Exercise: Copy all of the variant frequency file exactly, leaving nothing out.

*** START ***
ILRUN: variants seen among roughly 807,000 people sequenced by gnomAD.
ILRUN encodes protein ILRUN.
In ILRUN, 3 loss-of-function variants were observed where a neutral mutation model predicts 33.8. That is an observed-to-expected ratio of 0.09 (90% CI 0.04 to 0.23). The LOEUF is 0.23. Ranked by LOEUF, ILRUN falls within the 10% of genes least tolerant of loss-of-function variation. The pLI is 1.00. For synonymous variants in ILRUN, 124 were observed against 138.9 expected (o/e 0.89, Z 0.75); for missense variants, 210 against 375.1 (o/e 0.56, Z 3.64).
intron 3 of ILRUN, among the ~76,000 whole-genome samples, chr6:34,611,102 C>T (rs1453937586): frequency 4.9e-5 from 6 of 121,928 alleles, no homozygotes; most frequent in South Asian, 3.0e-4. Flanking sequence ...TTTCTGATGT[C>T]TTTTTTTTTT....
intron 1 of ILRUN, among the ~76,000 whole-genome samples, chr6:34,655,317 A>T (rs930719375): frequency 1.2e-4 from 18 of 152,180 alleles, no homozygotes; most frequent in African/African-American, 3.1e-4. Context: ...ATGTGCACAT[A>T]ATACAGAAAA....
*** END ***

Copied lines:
ILRUN: variants seen among roughly 807,000 people sequenced by gnomAD.
ILRUN encodes protein ILRUN.
In ILRUN, 3 loss-of-function variants were observed where a neutral mutation model predicts 33.8. That is an observed-to-expected ratio of 0.09 (90% CI 0.04 to 0.23). The LOEUF is 0.23. Ranked by LOEUF, ILRUN falls within the 10% of genes least tolerant of loss-of-function variation. The pLI is 1.00. For synonymous variants in ILRUN, 124 were observed against 138.9 expected (o/e 0.89, Z 0.75); for missense variants, 210 against 375.1 (o/e 0.56, Z 3.64).
intron 3 of ILRUN, among the ~76,000 whole-genome samples, chr6:34,611,102 C>T (rs1453937586): frequency 4.9e-5 from 6 of 121,928 alleles, no homozygotes; most frequent in South Asian, 3.0e-4. Flanking sequence ...TTTCTGATGT[C>T]TTTTTTTTTT....
intron 1 of ILRUN, among the ~76,000 whole-genome samples, chr6:34,655,317 A>T (rs930719375): frequency 1.2e-4 from 18 of 152,180 alleles, no homozygotes; most frequent in African/African-American, 3.1e-4. Context: ...ATGTGCACAT[A>T]ATACAGAAAA....